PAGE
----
Set up was swift, not least because, since doing it on my own I have managed to streamline things a little. In addition I wanted to make a start on Patsy’s Christmas lights and was also awaiting the arrival of fellow caravanners and friends who would be joining me on site for a couple of days.

Within a short while a familiar combo hove into view, heralding the arrival of Deb and Steve who’d just spent a few days in my old home town of Cambridge – a journey I would soon be making in the opposite direction. Many will know Deb & Steve from their In Pursuit of a Dream caravanning  and travel blog and it’s well worth checking out.

Hot drinks dispensed we had a quick catch up before reconvening later on for a walk into town in search of grog and grub.

20191215_182522Torches were welcome as much to avoid the plethora of puddles both through the site and along the footpath into town before the street lights took over. Progress was paused temporarily in a couple of places to avoid getting a soaking from passing traffic.

Henley was looking very pretty indeed thanks to some tasteful lighting and decorations  - much prettier than my cheap phone could capture - as we made our way to the main drag and the unanimous choice of venue which was The Catherine Wheel, a very large Wetherspoons’ pub which boasted accommodation too.

Our faith was rewarded with excellent value food - ‘festive’ burgers dominated – and ridiculously cheap beer, which whilst not particularly bright tasted fine. More importantly it was great to have a chance for a damn good chinwag, not just about all things caravanning but everything else too. Even the ‘B’ word got mentioned along with the recent election.

There followed a quick walk to the bridge to take in some more sights and night air then a slightly wobbly walk back to the site this time caring considerably less about aforementioned puddles. I can’t imagine why…

Monday 16th December

Breakfast consisted of copious amounts of tea, some rather dull cereals and a side order of paracetamol, before meeting up again late morning for another walk into town under leaden skies.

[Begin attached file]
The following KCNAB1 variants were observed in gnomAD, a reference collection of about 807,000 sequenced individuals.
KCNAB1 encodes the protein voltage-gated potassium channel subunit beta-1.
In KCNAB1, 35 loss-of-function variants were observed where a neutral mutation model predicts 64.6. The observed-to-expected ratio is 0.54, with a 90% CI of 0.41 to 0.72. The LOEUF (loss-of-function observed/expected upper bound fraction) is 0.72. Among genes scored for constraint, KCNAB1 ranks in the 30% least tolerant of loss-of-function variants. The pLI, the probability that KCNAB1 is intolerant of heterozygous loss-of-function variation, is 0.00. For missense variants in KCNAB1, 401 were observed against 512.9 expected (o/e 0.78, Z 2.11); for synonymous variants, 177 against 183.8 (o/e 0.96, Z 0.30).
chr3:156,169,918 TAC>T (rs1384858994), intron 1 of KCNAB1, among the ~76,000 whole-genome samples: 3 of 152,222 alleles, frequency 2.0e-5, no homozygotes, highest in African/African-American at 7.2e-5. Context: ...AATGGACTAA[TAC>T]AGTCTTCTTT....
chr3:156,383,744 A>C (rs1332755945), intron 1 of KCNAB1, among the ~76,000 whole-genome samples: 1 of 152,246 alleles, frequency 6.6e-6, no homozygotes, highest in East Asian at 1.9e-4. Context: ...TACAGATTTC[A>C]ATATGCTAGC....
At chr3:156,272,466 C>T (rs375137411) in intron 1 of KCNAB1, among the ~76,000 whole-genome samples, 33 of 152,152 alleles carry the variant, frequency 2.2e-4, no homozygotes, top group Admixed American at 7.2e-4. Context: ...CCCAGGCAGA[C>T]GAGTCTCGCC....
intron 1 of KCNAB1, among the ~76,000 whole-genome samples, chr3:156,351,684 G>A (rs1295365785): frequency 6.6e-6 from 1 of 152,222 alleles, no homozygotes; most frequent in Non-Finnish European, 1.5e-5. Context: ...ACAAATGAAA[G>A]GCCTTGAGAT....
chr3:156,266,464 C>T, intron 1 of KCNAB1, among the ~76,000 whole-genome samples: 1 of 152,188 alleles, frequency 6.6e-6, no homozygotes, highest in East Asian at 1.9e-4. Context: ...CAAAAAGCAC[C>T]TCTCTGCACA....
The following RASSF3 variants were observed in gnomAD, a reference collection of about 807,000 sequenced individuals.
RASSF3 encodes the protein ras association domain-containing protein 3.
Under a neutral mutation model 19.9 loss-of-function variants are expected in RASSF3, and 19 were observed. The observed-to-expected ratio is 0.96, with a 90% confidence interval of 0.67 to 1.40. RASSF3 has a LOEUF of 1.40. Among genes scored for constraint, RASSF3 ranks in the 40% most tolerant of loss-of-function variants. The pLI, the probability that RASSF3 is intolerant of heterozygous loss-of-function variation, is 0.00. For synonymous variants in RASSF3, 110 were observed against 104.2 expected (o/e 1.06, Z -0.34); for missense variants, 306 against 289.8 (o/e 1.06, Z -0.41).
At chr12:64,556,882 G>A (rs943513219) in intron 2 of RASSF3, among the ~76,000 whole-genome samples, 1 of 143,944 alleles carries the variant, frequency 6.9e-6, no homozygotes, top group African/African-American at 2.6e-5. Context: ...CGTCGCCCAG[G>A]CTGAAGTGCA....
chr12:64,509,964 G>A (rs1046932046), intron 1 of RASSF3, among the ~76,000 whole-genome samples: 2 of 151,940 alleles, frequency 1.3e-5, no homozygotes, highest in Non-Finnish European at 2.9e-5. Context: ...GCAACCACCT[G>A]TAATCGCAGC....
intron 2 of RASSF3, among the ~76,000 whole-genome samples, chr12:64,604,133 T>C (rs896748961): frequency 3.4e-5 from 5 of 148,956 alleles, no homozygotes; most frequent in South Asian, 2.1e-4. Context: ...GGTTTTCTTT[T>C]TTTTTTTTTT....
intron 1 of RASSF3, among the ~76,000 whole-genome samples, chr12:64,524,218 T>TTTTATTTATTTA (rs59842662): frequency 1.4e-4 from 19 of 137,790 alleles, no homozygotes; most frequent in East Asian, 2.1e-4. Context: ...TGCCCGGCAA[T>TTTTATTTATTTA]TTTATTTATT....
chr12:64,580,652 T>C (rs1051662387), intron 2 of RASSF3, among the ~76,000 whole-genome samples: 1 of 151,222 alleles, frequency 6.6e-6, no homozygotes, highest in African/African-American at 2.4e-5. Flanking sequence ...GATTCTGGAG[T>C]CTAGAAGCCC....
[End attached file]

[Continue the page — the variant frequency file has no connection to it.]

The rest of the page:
It remained thankfully dry if overcast as we ambled along the riverside commenting how high the Thames was and noting signs of recent flooding.


The houses on the small island of Rod Eyot looked vulnerable given the high water but still a lovely place to live if you were bestowed with very deep pockets.


We went as far as Marsh Lock, accessed from our side of the river via a rather rickety looking angled wooden footbridge. Some of the sluice gates were open at the weir, presumably to help prevent flooding further up and towards London. It was a pretty spot as are so many locks I find.


Heading back we stopped briefly at the Museum cafĂ© – brief because one look at the menu convinced us to head back into town for something more appealing. And cheaper. It will come as no surprise that we once again graced ‘spoons’ with our presence - after a brief diversion to the church to find the grave of Dusty Springfield. Burgers once again dominated the table. Different fillings though, so that’s all right then! Just one pint this time – sensible if uncharacteristic. Of me anyway.

With both the effects of the night before and a cold weighing heavy on my eyelids I welcomed the chance for a long late afternoon snooze back in cosy old Patsy. Stirring rather groggily, I wolfed down a filling if uninspiring homemade chilli then, later re-joined Deb & Steve in their ‘van. They would be heading off tomorrow, back home after over a month on the road. Once again a good time was had, although I think an earlier night was welcomed by all.


Up in (the) Smoke - London October 2019